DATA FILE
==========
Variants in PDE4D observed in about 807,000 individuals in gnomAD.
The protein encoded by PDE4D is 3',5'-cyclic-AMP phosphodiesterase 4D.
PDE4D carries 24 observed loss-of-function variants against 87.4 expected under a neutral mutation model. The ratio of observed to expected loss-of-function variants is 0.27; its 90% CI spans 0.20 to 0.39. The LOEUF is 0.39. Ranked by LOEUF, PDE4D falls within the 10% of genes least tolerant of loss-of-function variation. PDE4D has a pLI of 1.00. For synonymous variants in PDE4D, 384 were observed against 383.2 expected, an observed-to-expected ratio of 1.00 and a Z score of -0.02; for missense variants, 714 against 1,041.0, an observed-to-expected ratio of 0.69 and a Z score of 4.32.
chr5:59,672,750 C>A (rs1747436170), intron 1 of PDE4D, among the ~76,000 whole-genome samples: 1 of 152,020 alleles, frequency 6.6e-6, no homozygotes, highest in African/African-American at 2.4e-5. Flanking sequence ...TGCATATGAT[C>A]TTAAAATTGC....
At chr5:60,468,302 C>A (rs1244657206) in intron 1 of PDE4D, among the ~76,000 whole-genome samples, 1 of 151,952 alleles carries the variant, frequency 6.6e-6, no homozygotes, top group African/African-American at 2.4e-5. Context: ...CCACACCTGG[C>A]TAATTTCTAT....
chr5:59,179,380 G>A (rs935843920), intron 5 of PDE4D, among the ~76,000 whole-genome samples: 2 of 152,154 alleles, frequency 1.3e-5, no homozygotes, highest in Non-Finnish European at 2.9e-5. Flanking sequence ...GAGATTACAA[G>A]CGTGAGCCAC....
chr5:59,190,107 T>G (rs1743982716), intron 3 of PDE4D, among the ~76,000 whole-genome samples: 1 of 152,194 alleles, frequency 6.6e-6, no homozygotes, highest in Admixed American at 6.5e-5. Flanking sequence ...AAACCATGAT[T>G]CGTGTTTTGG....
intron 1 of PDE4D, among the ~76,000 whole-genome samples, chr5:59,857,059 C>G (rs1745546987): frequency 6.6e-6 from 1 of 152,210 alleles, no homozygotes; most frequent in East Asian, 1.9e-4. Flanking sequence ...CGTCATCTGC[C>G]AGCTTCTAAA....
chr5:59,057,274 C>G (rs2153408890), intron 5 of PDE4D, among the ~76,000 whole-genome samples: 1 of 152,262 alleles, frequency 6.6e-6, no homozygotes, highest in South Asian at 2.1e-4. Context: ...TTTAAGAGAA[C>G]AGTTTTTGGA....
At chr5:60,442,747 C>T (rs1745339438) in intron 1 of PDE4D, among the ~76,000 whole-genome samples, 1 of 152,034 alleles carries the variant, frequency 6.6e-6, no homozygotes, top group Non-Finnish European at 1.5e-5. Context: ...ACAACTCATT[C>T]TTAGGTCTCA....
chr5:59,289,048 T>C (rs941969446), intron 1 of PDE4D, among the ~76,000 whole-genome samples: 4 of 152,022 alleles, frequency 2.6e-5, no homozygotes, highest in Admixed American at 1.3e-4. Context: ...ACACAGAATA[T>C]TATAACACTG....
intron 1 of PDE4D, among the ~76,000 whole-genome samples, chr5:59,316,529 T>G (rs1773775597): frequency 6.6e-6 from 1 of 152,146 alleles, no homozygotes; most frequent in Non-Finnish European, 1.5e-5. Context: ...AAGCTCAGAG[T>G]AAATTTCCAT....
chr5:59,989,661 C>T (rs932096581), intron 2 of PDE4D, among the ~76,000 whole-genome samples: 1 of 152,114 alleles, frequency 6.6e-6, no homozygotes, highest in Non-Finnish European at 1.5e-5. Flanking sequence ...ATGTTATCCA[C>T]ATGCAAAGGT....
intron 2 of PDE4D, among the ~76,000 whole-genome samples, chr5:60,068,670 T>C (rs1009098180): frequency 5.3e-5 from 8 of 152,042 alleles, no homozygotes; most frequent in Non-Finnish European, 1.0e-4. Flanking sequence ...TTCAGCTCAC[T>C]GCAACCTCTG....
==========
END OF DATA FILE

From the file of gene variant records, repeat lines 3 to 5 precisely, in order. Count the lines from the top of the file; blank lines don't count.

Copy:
PDE4D carries 24 observed loss-of-function variants against 87.4 expected under a neutral mutation model. The ratio of observed to expected loss-of-function variants is 0.27; its 90% CI spans 0.20 to 0.39. The LOEUF is 0.39. Ranked by LOEUF, PDE4D falls within the 10% of genes least tolerant of loss-of-function variation. PDE4D has a pLI of 1.00. For synonymous variants in PDE4D, 384 were observed against 383.2 expected, an observed-to-expected ratio of 1.00 and a Z score of -0.02; for missense variants, 714 against 1,041.0, an observed-to-expected ratio of 0.69 and a Z score of 4.32.
chr5:59,672,750 C>A (rs1747436170), intron 1 of PDE4D, among the ~76,000 whole-genome samples: 1 of 152,020 alleles, frequency 6.6e-6, no homozygotes, highest in African/African-American at 2.4e-5. Flanking sequence ...TGCATATGAT[C>A]TTAAAATTGC....
At chr5:60,468,302 C>A (rs1244657206) in intron 1 of PDE4D, among the ~76,000 whole-genome samples, 1 of 151,952 alleles carries the variant, frequency 6.6e-6, no homozygotes, top group African/African-American at 2.4e-5. Context: ...CCACACCTGG[C>A]TAATTTCTAT....